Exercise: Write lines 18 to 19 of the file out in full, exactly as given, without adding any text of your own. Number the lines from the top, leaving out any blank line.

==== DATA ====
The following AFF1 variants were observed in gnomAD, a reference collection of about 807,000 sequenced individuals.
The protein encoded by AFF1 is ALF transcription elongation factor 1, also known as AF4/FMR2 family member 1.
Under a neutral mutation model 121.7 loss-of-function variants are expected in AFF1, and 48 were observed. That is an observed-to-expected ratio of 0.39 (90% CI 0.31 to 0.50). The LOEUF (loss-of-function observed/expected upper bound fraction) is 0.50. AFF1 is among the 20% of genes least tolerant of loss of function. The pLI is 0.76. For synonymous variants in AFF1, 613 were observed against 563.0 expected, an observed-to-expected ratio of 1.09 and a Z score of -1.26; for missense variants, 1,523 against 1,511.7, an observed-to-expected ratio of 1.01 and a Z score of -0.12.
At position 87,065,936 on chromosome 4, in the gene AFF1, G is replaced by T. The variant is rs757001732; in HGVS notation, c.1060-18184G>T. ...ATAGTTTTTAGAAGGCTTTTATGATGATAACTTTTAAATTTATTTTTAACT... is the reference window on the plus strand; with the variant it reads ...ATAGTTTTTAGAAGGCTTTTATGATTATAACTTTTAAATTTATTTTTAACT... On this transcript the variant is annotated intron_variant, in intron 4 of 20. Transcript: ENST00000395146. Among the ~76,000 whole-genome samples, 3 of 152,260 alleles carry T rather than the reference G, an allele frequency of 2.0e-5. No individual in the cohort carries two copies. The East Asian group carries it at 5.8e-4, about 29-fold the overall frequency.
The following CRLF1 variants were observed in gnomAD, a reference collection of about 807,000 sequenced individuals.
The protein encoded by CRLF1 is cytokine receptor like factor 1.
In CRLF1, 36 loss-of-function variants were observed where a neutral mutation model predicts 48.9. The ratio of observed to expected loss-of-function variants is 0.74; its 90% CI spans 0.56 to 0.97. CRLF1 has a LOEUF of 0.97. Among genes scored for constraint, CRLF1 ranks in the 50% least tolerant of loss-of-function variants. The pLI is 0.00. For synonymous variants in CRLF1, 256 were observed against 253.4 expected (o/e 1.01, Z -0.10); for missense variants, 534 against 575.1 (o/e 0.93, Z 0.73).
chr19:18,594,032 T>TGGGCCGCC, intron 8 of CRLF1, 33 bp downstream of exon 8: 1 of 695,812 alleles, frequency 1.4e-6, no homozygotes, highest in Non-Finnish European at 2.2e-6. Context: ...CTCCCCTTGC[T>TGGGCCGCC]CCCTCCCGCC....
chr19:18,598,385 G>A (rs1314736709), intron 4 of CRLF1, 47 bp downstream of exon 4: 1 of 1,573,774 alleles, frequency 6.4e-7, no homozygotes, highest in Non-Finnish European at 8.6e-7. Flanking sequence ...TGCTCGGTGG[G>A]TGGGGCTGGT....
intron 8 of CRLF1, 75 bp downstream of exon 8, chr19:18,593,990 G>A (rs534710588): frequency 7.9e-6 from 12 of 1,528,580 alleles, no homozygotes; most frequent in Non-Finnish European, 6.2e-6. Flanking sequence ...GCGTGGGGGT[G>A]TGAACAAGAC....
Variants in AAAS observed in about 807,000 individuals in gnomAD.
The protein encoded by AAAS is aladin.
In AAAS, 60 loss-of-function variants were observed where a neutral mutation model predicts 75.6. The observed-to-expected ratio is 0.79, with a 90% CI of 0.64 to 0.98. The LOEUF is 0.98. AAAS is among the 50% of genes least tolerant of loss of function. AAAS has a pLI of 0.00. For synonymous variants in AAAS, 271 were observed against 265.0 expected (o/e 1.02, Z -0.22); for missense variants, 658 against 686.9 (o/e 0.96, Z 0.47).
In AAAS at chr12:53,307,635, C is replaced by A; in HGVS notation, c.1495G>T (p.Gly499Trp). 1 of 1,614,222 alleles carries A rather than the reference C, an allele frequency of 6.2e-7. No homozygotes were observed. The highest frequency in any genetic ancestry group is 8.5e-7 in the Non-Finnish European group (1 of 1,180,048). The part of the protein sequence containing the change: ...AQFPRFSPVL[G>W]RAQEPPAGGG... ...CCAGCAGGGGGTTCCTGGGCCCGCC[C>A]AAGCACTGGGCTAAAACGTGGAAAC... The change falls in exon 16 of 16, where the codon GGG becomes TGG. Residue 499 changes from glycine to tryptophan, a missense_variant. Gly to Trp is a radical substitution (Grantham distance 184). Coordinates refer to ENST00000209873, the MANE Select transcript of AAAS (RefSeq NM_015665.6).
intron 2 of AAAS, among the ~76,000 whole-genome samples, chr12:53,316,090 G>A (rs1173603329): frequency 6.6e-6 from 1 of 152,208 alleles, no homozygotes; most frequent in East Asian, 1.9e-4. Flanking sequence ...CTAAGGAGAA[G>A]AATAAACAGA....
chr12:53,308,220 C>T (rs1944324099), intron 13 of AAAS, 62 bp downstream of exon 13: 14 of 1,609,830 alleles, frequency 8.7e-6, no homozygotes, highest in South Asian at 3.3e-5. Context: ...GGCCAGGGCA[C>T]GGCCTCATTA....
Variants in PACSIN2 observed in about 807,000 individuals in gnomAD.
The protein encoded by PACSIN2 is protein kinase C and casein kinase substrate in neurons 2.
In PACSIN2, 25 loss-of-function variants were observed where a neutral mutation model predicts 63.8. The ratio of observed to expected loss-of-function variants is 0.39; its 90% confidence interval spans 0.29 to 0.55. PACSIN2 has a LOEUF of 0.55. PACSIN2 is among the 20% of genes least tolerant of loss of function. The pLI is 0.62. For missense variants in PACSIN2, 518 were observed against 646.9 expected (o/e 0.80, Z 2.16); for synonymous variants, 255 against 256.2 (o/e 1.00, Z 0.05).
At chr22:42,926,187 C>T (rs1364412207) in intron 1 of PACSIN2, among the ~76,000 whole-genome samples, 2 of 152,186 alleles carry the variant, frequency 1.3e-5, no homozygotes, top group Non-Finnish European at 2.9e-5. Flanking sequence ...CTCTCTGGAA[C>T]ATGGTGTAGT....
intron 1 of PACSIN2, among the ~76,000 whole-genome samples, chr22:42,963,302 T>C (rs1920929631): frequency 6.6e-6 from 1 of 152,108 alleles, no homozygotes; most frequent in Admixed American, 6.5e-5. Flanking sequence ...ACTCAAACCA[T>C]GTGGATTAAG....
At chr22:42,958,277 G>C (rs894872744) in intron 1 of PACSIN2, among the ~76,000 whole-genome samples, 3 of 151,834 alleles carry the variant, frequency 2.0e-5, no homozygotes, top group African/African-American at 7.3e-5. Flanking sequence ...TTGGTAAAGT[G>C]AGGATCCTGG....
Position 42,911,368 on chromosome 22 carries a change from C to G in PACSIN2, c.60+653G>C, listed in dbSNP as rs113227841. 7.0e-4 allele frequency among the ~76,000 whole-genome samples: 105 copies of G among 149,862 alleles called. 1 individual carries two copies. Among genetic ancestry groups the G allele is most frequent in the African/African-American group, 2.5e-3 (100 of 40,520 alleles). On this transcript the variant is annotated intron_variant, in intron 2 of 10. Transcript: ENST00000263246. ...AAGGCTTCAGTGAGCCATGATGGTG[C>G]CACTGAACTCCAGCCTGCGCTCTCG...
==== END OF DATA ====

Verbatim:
The protein encoded by PACSIN2 is protein kinase C and casein kinase substrate in neurons 2.
In PACSIN2, 25 loss-of-function variants were observed where a neutral mutation model predicts 63.8. The ratio of observed to expected loss-of-function variants is 0.39; its 90% confidence interval spans 0.29 to 0.55. PACSIN2 has a LOEUF of 0.55. PACSIN2 is among the 20% of genes least tolerant of loss of function. The pLI is 0.62. For missense variants in PACSIN2, 518 were observed against 646.9 expected (o/e 0.80, Z 2.16); for synonymous variants, 255 against 256.2 (o/e 1.00, Z 0.05).